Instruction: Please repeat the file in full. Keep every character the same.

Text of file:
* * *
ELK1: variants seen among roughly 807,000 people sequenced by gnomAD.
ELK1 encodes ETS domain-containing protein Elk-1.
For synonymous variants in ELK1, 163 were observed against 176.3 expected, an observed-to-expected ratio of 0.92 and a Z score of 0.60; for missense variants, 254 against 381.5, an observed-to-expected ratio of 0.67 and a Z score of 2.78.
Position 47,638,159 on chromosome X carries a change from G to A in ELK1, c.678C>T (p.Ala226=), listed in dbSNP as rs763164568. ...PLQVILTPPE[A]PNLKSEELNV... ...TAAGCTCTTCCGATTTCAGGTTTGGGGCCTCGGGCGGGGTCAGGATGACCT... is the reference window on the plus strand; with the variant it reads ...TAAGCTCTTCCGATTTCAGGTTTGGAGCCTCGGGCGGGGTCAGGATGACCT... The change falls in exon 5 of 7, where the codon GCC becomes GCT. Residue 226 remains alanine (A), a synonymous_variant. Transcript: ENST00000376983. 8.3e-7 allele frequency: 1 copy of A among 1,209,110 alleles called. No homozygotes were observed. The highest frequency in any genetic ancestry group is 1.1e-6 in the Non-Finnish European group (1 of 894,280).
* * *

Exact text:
ELK1: variants seen among roughly 807,000 people sequenced by gnomAD.
ELK1 encodes ETS domain-containing protein Elk-1.
For synonymous variants in ELK1, 163 were observed against 176.3 expected, an observed-to-expected ratio of 0.92 and a Z score of 0.60; for missense variants, 254 against 381.5, an observed-to-expected ratio of 0.67 and a Z score of 2.78.
Position 47,638,159 on chromosome X carries a change from G to A in ELK1, c.678C>T (p.Ala226=), listed in dbSNP as rs763164568. ...PLQVILTPPE[A]PNLKSEELNV... ...TAAGCTCTTCCGATTTCAGGTTTGGGGCCTCGGGCGGGGTCAGGATGACCT... is the reference window on the plus strand; with the variant it reads ...TAAGCTCTTCCGATTTCAGGTTTGGAGCCTCGGGCGGGGTCAGGATGACCT... The change falls in exon 5 of 7, where the codon GCC becomes GCT. Residue 226 remains alanine (A), a synonymous_variant. Transcript: ENST00000376983. 8.3e-7 allele frequency: 1 copy of A among 1,209,110 alleles called. No homozygotes were observed. The highest frequency in any genetic ancestry group is 1.1e-6 in the Non-Finnish European group (1 of 894,280).